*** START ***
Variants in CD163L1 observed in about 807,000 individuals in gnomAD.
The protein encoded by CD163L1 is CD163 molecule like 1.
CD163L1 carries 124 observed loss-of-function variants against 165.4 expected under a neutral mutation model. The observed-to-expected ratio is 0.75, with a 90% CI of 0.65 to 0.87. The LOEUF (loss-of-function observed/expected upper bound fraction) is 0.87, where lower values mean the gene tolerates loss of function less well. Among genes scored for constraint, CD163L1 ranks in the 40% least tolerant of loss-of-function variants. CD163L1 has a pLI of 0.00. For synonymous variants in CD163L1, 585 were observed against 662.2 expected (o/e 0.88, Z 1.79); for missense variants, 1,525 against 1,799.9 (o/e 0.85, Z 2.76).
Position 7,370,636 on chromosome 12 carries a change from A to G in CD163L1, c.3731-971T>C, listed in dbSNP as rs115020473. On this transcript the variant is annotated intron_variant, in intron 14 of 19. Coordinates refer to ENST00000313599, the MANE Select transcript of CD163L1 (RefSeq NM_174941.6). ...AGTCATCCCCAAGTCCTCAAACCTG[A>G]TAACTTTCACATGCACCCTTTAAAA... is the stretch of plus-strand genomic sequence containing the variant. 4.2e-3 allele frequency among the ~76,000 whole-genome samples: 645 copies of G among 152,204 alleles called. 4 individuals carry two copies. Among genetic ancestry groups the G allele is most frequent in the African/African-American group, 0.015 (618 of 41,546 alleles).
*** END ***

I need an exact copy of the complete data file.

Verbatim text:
Variants in CD163L1 observed in about 807,000 individuals in gnomAD.
The protein encoded by CD163L1 is CD163 molecule like 1.
CD163L1 carries 124 observed loss-of-function variants against 165.4 expected under a neutral mutation model. The observed-to-expected ratio is 0.75, with a 90% CI of 0.65 to 0.87. The LOEUF (loss-of-function observed/expected upper bound fraction) is 0.87, where lower values mean the gene tolerates loss of function less well. Among genes scored for constraint, CD163L1 ranks in the 40% least tolerant of loss-of-function variants. CD163L1 has a pLI of 0.00. For synonymous variants in CD163L1, 585 were observed against 662.2 expected (o/e 0.88, Z 1.79); for missense variants, 1,525 against 1,799.9 (o/e 0.85, Z 2.76).
Position 7,370,636 on chromosome 12 carries a change from A to G in CD163L1, c.3731-971T>C, listed in dbSNP as rs115020473. On this transcript the variant is annotated intron_variant, in intron 14 of 19. Coordinates refer to ENST00000313599, the MANE Select transcript of CD163L1 (RefSeq NM_174941.6). ...AGTCATCCCCAAGTCCTCAAACCTG[A>G]TAACTTTCACATGCACCCTTTAAAA... is the stretch of plus-strand genomic sequence containing the variant. 4.2e-3 allele frequency among the ~76,000 whole-genome samples: 645 copies of G among 152,204 alleles called. 4 individuals carry two copies. Among genetic ancestry groups the G allele is most frequent in the African/African-American group, 0.015 (618 of 41,546 alleles).